# Frequently asked questions

## How do I use this calculator?

Please view the 5-minute tutorial on how to make a basic calculation.

## What formula is used for estimates?

The website uses the Black-Scholes formula to estimate returns at a range of dates and potential underlying prices. The estimations are based on implied volatility which is calculated from the current price of the selected options and the current price of the underlying stock or ETF.

For strategies employing multiple options, the estimated price of each option is calculated individually and combined to give gross profit or loss. The overall P/L for any given point in time and price is the exit value less the total entry value, which is calculated using the latest market prices (15 min delayed) combined with the cost prices you select.

## What are the limitations of the calculator?

- The largest unknown in the Black-Scholes formula, and any other pricing method, is Implied Volatility. Given a constant IV, the calculator will be correct in its price estimation, however since IV is a reflection of market sentiment and external variables, it is impossible to predict what people will be thinking in the future.
- 'Slippage' due to entering and exiting the trade based on bid/ask spread is not taken into consideration. The current market price is used to calculate the implied volatility. The calculated value of each option is not altered based on the current bid/ask spread.
- Any brokerage fees you may incur are not included in the calculation.

## Where does the pricing information come from?

Stock and Options prices are sourced from reputable third party websites. Prices are delayed between 15-30 minutes.

Unfortunately for both of us, this site doen't make enough money to cover a subscription to a premium data feed.

For live data and options tools in Microsoft Excel, we can recommend the OptionsXLS plugin.

## How do you determine Probability of Profit / why is PoP different to another platform?

Probability of profit is the likelihood of achieving breakeven or better on the day of expiry

We use a normative distribution equation (as opposed to delta / spread cost based), and this is derived from 30 day Implied Volatility. We hope to add alternative methods of PoP in the future.

There are multiple methods of calculating Probability of Profit, each coming up with slightly different numbers. This should serve as a reminder that PoP is just a rough number, devoid of complex market understanding.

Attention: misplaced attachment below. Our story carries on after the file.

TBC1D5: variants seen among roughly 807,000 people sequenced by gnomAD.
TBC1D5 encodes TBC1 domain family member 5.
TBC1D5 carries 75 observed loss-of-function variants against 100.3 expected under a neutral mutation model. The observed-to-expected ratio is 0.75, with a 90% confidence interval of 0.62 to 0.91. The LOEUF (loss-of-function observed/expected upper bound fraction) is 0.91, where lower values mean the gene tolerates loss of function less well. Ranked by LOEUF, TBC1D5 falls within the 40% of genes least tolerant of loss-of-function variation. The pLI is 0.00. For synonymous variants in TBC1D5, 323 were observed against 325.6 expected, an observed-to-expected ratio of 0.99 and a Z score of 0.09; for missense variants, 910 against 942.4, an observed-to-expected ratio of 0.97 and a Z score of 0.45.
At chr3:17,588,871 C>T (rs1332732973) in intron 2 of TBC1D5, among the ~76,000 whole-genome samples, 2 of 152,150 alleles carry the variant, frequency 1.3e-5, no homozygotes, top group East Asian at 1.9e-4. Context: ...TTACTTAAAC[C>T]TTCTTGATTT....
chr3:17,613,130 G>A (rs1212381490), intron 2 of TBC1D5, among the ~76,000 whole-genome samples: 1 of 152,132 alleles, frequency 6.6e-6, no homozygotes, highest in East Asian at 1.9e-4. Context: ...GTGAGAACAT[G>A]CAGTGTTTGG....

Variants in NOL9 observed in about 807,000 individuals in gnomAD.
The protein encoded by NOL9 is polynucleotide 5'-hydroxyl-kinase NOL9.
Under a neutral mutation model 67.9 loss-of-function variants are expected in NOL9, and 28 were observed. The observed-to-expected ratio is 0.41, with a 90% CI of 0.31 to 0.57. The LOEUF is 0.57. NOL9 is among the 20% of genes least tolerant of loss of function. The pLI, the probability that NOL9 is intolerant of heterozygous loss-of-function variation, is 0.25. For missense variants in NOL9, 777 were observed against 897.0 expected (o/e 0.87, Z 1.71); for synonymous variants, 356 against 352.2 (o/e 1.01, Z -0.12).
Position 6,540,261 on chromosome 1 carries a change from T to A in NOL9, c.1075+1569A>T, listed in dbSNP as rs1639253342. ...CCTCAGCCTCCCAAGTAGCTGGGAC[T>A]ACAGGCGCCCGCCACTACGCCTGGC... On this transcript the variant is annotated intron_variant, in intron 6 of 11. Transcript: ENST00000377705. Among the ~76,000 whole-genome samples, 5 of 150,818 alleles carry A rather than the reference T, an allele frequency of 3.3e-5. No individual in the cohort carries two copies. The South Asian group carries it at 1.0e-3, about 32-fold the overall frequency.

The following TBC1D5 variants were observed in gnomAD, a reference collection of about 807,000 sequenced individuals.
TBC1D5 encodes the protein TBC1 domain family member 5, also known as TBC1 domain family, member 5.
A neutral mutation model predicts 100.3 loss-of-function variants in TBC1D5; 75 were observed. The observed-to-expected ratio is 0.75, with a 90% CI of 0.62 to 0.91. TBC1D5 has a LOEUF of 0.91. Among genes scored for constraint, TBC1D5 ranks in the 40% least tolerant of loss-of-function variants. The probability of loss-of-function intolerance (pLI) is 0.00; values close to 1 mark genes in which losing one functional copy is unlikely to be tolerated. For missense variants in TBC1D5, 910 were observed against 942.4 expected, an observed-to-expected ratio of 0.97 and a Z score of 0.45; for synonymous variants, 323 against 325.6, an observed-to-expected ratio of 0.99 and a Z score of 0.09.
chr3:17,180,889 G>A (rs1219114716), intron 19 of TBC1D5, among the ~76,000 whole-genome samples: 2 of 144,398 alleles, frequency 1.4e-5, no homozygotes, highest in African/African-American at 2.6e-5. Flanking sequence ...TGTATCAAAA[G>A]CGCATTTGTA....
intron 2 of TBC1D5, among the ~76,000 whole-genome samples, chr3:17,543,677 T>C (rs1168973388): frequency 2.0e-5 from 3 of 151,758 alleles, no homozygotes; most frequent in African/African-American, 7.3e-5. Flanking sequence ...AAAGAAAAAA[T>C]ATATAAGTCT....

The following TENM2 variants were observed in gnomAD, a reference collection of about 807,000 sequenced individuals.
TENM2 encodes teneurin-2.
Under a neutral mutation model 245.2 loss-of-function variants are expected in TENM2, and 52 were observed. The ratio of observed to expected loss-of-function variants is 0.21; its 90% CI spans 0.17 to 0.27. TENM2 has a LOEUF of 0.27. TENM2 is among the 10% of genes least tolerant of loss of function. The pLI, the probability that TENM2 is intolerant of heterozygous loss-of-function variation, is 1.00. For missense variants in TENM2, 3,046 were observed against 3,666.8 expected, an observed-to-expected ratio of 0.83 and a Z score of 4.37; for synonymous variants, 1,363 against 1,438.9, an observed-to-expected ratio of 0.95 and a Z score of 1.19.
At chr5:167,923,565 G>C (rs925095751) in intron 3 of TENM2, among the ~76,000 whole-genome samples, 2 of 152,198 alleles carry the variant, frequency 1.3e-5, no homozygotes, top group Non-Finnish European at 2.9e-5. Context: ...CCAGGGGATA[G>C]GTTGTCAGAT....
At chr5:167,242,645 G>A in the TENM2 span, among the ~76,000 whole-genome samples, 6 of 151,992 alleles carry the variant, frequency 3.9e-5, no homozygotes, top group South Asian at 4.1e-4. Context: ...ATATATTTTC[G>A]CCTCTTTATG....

## Can I download my set-up to Excel for future comparison?

We have partnered with OptionXLS, who provides a Microsoft Excel plug-in which gives you access to options data including live US market pricing. They provide templates and an extensive suite of new excel formulas, giving you advanced ability to filter and analyse options and stocks.

OptionsProfitCalculator users can access a discounted price on subscription; visit the OptionXLS website to learn more.

We will be adding the feature download a spreadsheet of your calculation estimates, allowing you to manage your history of calculations and organize your trades.

## I lost money on a trade and your calculator said I would make a profit.

Please read the limitations of calculator as above. The most common reason for this is that the company released a statement or an earnings report, and there was a drastic and sudden change in the implied volatility.

## What time of day are the daily estimates for?

Estimates are for market open time on the day listed. We show an estimate on the morning of expiry day (where there is still time value remaining) as well as the last column ('exp') which is at market close on expiry day. (For diagonal / calendar spreads, 'back months' option legs will still have time value remaining.)

The exception is for the first day where, if you have made the calculation after market open, the estimates are from the time the calculation is made, rather than opening time.